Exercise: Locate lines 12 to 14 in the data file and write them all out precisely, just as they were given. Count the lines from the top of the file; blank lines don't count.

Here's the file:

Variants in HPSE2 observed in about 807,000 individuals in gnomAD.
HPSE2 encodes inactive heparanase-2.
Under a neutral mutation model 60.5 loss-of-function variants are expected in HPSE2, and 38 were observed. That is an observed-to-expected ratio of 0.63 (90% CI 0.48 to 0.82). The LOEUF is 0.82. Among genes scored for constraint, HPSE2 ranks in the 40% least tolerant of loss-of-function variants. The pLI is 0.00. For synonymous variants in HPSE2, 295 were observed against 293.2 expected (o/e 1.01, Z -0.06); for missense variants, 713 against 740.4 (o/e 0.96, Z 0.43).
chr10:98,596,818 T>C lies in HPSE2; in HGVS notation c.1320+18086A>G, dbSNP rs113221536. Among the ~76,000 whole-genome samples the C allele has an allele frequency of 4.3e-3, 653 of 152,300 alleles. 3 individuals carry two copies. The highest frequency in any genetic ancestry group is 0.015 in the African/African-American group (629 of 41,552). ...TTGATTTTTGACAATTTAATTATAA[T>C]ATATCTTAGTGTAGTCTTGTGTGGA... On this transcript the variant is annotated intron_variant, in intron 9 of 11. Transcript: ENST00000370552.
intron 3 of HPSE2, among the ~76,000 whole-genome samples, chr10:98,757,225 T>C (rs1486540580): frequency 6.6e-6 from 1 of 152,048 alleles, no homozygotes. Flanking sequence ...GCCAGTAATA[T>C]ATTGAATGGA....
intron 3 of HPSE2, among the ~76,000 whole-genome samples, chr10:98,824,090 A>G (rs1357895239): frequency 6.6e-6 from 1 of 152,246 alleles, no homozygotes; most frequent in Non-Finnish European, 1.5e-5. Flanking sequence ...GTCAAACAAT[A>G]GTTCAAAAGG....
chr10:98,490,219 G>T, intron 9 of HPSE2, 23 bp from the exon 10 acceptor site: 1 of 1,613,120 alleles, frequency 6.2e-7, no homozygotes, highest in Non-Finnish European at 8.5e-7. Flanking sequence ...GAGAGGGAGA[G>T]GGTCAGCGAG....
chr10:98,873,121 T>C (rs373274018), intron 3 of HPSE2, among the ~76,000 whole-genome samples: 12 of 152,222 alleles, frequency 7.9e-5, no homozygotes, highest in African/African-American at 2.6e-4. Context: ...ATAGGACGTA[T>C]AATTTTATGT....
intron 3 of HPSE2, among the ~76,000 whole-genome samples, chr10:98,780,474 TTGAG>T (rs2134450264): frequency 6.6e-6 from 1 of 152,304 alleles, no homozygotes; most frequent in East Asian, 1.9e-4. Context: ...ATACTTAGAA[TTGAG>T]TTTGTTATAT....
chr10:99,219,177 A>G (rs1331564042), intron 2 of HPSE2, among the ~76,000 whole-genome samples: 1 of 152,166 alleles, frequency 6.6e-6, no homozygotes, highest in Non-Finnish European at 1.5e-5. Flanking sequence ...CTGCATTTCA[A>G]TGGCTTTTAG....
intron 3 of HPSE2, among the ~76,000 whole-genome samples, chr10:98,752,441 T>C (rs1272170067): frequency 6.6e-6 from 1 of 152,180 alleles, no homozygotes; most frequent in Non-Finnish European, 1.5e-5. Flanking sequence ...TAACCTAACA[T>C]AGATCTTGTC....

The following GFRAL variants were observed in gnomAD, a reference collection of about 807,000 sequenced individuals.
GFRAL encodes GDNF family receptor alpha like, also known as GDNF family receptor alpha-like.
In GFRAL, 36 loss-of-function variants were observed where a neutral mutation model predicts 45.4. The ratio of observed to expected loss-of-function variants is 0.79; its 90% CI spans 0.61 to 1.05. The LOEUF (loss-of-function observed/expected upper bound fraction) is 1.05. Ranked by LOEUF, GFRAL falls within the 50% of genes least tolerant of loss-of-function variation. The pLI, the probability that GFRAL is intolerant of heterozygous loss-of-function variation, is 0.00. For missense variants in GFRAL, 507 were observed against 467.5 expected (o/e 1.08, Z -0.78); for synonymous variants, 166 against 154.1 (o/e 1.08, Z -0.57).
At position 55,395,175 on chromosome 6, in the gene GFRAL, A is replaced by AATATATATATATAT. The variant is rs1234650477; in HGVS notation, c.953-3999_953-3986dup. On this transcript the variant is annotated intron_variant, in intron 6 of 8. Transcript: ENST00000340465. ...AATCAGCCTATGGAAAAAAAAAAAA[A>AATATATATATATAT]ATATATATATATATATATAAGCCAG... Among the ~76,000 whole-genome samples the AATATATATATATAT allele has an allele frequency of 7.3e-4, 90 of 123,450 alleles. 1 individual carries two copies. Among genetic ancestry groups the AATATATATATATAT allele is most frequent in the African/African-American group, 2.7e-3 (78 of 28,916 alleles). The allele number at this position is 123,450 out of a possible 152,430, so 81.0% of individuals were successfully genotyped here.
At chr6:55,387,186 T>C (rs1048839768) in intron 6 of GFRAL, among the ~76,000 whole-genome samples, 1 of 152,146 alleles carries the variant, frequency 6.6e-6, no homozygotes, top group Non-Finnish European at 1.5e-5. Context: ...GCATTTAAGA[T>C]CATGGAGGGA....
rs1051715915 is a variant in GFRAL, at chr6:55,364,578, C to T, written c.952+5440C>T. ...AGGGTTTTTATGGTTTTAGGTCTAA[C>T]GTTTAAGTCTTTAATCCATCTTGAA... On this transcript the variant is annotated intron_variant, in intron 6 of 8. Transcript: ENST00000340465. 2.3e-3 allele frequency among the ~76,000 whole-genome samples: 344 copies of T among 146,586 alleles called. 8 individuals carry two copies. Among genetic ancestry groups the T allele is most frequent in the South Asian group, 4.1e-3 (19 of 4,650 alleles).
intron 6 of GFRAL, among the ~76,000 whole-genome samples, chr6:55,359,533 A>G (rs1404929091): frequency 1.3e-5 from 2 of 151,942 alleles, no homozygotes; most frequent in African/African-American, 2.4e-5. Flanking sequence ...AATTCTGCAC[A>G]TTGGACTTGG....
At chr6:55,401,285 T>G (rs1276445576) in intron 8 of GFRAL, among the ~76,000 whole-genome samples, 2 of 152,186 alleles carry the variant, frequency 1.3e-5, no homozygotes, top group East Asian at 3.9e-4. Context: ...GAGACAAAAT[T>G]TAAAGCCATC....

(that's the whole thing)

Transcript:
The following GFRAL variants were observed in gnomAD, a reference collection of about 807,000 sequenced individuals.
GFRAL encodes GDNF family receptor alpha like, also known as GDNF family receptor alpha-like.
In GFRAL, 36 loss-of-function variants were observed where a neutral mutation model predicts 45.4. The ratio of observed to expected loss-of-function variants is 0.79; its 90% CI spans 0.61 to 1.05. The LOEUF (loss-of-function observed/expected upper bound fraction) is 1.05. Ranked by LOEUF, GFRAL falls within the 50% of genes least tolerant of loss-of-function variation. The pLI, the probability that GFRAL is intolerant of heterozygous loss-of-function variation, is 0.00. For missense variants in GFRAL, 507 were observed against 467.5 expected (o/e 1.08, Z -0.78); for synonymous variants, 166 against 154.1 (o/e 1.08, Z -0.57).